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Effect of Medusahead on beef cattle gains

Principal Investigator: Jeremy James

Rangeland weed control is widely viewed and promoted as central to enhancing ranch profitability and sustainability. In most cases, this perspective is based on the untested assumption that reducing weeds will increase livestock gains. Because most rangelands in California are privately owned and management inputs are made by private decision makers, it is essential that we establish the direct economic impacts of weeds on profits.

The broad goal of this study is to determine if the most common and widely distributed rangeland weed in California (medusahead) negatively affects steer weight gains.

Over our first three project years, we experimentally manipulated vegetation in 13.5 acre paddocks to create a gradient in medusahead cover, resulting in pastures that now vary in medusahead cover between approximately 5% and 85%, with corresponding pasture production in March 2016 ranging between 556 to 1868 lbs per acre. Following these manipulations, we began our first year of grazing in spring 2016.

The goal with this project continuation is to repeat grazing over at least two more years to give us at least 39 experimental units (pastures) that vary in both forage production and forage composition.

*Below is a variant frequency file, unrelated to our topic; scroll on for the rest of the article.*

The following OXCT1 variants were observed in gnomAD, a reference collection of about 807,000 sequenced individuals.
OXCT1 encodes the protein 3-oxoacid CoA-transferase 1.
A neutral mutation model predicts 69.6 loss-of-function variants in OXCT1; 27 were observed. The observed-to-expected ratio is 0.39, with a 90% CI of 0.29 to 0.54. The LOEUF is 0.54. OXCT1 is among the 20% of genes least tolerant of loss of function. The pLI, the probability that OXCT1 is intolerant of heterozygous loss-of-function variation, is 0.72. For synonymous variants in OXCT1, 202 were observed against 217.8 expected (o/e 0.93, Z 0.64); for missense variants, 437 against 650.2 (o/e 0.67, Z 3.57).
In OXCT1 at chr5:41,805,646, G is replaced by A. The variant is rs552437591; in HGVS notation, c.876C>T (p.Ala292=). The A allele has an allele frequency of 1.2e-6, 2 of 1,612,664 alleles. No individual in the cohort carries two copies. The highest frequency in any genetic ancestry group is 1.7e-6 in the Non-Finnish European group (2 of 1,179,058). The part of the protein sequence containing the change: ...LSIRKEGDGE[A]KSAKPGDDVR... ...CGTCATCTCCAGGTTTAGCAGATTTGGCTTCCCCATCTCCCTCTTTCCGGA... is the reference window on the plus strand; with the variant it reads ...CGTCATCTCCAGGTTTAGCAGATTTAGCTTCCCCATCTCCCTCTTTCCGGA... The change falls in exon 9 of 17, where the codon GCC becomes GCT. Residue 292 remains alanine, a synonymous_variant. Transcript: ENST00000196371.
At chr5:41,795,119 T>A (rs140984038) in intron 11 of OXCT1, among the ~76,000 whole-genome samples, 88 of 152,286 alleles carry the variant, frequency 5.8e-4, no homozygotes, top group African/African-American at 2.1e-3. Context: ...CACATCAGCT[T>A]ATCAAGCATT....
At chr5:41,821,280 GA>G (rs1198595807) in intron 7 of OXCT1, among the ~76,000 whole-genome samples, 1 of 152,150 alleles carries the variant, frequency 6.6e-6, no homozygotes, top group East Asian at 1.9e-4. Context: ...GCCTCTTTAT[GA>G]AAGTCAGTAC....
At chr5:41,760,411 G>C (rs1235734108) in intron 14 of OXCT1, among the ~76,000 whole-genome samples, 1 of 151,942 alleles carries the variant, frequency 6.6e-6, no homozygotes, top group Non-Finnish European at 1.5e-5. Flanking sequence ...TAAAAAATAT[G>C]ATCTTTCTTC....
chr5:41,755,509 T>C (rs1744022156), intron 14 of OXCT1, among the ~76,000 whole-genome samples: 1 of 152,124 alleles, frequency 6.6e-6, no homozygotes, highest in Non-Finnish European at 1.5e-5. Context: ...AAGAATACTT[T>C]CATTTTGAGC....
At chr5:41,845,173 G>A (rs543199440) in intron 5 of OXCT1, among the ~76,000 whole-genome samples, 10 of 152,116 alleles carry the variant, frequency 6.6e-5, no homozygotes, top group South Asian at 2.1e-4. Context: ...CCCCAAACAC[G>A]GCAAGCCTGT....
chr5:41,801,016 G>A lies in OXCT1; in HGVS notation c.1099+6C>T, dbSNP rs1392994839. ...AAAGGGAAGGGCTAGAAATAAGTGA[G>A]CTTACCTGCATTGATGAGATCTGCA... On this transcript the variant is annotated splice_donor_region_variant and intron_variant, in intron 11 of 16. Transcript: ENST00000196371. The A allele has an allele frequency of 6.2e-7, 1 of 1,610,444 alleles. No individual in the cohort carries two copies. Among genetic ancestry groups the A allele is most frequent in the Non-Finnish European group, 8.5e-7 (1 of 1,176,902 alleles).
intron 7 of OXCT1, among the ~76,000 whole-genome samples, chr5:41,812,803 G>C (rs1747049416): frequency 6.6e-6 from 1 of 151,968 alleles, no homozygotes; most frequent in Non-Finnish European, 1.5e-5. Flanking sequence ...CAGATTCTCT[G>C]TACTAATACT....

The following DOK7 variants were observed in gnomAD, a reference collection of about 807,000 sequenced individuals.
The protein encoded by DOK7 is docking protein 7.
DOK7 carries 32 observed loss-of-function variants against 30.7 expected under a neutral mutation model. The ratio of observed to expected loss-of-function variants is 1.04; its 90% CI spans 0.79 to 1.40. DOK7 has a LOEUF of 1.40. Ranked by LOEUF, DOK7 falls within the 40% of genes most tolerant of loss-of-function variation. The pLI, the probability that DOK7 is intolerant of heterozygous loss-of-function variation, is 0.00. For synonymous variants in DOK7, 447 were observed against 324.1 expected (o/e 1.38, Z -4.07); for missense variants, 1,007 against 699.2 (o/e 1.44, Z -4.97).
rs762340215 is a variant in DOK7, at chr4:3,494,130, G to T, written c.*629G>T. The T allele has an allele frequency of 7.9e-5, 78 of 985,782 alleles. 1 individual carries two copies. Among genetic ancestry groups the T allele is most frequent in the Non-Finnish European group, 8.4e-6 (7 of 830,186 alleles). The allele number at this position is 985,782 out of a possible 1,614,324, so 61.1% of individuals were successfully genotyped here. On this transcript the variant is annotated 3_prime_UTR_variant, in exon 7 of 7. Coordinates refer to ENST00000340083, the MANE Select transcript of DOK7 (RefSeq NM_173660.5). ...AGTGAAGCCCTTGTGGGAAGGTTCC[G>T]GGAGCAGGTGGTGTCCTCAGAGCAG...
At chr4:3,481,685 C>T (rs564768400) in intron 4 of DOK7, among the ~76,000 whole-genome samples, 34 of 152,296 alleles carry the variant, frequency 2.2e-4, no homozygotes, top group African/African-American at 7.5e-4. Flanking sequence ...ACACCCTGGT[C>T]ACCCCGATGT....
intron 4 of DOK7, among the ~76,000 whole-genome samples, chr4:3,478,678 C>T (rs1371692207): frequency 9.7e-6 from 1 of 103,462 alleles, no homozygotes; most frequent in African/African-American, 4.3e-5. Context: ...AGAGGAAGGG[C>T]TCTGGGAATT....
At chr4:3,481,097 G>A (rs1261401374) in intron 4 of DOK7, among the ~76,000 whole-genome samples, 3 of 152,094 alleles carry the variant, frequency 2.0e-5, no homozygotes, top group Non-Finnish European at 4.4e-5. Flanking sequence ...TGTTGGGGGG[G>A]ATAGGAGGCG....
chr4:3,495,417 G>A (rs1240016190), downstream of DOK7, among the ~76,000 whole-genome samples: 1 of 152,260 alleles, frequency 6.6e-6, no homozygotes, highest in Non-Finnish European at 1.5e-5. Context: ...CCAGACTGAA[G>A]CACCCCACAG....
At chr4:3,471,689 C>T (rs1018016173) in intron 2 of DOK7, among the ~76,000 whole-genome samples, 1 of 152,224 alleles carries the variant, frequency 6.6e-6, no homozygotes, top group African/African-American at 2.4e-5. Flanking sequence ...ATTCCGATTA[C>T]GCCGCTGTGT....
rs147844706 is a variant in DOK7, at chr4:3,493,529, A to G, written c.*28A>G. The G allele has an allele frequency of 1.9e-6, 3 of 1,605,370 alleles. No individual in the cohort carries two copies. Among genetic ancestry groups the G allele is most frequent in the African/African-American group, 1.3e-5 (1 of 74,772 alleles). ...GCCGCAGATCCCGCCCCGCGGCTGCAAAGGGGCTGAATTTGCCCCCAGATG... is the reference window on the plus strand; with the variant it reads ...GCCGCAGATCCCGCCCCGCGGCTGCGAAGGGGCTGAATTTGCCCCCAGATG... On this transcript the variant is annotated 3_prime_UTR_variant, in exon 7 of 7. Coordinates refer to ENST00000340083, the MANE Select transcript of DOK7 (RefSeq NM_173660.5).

This first grazing year is still ongoing, limiting the statistical statements we can make about year one.

Once the three grazing years are complete we will use a linear modeling approach to create a yield loss function, allowing us to assess the independent effects of these factors on steer gains. These functions will be converted into a user-friendly on-line calculator that will allow estimates of medusahead impacts on gain to be estimated for a particular pasture.

Collectively, this project will complement the rigorous work on medusahead control already completed by UC researchers and provide land managers the essential information needed to create cost/benefit estimates for these established control practices.

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